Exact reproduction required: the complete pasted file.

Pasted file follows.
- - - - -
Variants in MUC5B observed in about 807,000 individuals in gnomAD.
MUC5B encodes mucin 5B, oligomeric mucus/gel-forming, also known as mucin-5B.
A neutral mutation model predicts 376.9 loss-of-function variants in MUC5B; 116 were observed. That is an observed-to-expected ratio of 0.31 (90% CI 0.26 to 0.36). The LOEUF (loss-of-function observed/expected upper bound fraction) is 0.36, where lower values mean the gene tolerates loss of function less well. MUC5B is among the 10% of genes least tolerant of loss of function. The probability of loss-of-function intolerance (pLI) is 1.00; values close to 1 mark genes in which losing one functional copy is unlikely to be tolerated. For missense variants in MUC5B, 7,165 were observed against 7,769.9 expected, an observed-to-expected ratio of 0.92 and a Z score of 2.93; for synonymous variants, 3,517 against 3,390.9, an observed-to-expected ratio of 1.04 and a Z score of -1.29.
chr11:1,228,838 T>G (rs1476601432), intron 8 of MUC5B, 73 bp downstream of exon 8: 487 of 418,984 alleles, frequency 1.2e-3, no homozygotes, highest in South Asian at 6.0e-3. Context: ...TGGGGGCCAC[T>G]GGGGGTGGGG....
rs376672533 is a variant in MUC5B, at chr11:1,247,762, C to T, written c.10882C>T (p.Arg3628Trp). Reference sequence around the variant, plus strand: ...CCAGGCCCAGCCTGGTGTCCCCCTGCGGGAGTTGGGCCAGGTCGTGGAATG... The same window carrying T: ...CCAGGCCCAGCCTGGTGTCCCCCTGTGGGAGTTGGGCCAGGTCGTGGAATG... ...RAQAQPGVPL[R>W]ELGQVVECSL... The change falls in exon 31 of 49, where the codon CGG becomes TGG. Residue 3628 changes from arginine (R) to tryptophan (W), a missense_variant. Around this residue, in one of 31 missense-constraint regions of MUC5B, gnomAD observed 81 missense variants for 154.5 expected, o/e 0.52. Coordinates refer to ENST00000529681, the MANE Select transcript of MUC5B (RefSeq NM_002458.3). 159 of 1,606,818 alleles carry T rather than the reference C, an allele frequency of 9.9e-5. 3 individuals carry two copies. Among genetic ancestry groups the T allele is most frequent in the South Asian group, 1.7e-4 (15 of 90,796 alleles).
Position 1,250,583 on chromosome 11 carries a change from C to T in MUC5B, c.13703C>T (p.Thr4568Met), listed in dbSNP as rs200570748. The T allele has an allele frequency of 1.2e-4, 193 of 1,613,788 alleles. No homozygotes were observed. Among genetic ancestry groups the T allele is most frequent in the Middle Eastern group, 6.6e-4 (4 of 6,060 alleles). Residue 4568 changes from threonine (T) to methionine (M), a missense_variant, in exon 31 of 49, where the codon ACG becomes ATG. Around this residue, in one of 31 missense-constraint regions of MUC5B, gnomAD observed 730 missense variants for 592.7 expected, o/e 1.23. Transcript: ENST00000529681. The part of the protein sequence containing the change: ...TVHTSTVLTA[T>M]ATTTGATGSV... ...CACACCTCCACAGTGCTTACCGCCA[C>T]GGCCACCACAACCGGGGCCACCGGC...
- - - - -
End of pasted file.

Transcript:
Variants in MUC5B observed in about 807,000 individuals in gnomAD.
MUC5B encodes mucin 5B, oligomeric mucus/gel-forming, also known as mucin-5B.
A neutral mutation model predicts 376.9 loss-of-function variants in MUC5B; 116 were observed. That is an observed-to-expected ratio of 0.31 (90% CI 0.26 to 0.36). The LOEUF (loss-of-function observed/expected upper bound fraction) is 0.36, where lower values mean the gene tolerates loss of function less well. MUC5B is among the 10% of genes least tolerant of loss of function. The probability of loss-of-function intolerance (pLI) is 1.00; values close to 1 mark genes in which losing one functional copy is unlikely to be tolerated. For missense variants in MUC5B, 7,165 were observed against 7,769.9 expected, an observed-to-expected ratio of 0.92 and a Z score of 2.93; for synonymous variants, 3,517 against 3,390.9, an observed-to-expected ratio of 1.04 and a Z score of -1.29.
chr11:1,228,838 T>G (rs1476601432), intron 8 of MUC5B, 73 bp downstream of exon 8: 487 of 418,984 alleles, frequency 1.2e-3, no homozygotes, highest in South Asian at 6.0e-3. Context: ...TGGGGGCCAC[T>G]GGGGGTGGGG....
rs376672533 is a variant in MUC5B, at chr11:1,247,762, C to T, written c.10882C>T (p.Arg3628Trp). Reference sequence around the variant, plus strand: ...CCAGGCCCAGCCTGGTGTCCCCCTGCGGGAGTTGGGCCAGGTCGTGGAATG... The same window carrying T: ...CCAGGCCCAGCCTGGTGTCCCCCTGTGGGAGTTGGGCCAGGTCGTGGAATG... ...RAQAQPGVPL[R>W]ELGQVVECSL... The change falls in exon 31 of 49, where the codon CGG becomes TGG. Residue 3628 changes from arginine (R) to tryptophan (W), a missense_variant. Around this residue, in one of 31 missense-constraint regions of MUC5B, gnomAD observed 81 missense variants for 154.5 expected, o/e 0.52. Coordinates refer to ENST00000529681, the MANE Select transcript of MUC5B (RefSeq NM_002458.3). 159 of 1,606,818 alleles carry T rather than the reference C, an allele frequency of 9.9e-5. 3 individuals carry two copies. Among genetic ancestry groups the T allele is most frequent in the South Asian group, 1.7e-4 (15 of 90,796 alleles).
Position 1,250,583 on chromosome 11 carries a change from C to T in MUC5B, c.13703C>T (p.Thr4568Met), listed in dbSNP as rs200570748. The T allele has an allele frequency of 1.2e-4, 193 of 1,613,788 alleles. No homozygotes were observed. Among genetic ancestry groups the T allele is most frequent in the Middle Eastern group, 6.6e-4 (4 of 6,060 alleles). Residue 4568 changes from threonine (T) to methionine (M), a missense_variant, in exon 31 of 49, where the codon ACG becomes ATG. Around this residue, in one of 31 missense-constraint regions of MUC5B, gnomAD observed 730 missense variants for 592.7 expected, o/e 1.23. Transcript: ENST00000529681. The part of the protein sequence containing the change: ...TVHTSTVLTA[T>M]ATTTGATGSV... ...CACACCTCCACAGTGCTTACCGCCA[C>T]GGCCACCACAACCGGGGCCACCGGC...